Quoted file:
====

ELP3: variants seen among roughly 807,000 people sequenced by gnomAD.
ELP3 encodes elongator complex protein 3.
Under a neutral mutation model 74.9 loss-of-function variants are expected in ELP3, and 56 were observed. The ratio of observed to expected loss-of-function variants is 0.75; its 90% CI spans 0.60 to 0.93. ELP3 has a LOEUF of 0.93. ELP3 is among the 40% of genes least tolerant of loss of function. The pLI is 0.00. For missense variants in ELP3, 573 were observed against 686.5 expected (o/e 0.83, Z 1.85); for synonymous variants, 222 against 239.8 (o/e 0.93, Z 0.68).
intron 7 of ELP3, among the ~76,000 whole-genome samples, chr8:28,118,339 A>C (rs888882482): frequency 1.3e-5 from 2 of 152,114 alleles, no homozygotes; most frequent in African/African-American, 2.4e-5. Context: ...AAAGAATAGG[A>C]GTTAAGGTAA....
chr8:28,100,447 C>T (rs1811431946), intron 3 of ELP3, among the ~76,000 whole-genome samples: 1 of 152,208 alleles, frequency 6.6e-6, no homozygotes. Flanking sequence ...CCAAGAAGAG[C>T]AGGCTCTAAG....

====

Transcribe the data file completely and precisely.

ELP3: variants seen among roughly 807,000 people sequenced by gnomAD.
ELP3 encodes elongator complex protein 3.
Under a neutral mutation model 74.9 loss-of-function variants are expected in ELP3, and 56 were observed. The ratio of observed to expected loss-of-function variants is 0.75; its 90% CI spans 0.60 to 0.93. ELP3 has a LOEUF of 0.93. ELP3 is among the 40% of genes least tolerant of loss of function. The pLI is 0.00. For missense variants in ELP3, 573 were observed against 686.5 expected (o/e 0.83, Z 1.85); for synonymous variants, 222 against 239.8 (o/e 0.93, Z 0.68).
intron 7 of ELP3, among the ~76,000 whole-genome samples, chr8:28,118,339 A>C (rs888882482): frequency 1.3e-5 from 2 of 152,114 alleles, no homozygotes; most frequent in African/African-American, 2.4e-5. Context: ...AAAGAATAGG[A>C]GTTAAGGTAA....
chr8:28,100,447 C>T (rs1811431946), intron 3 of ELP3, among the ~76,000 whole-genome samples: 1 of 152,208 alleles, frequency 6.6e-6, no homozygotes. Flanking sequence ...CCAAGAAGAG[C>T]AGGCTCTAAG....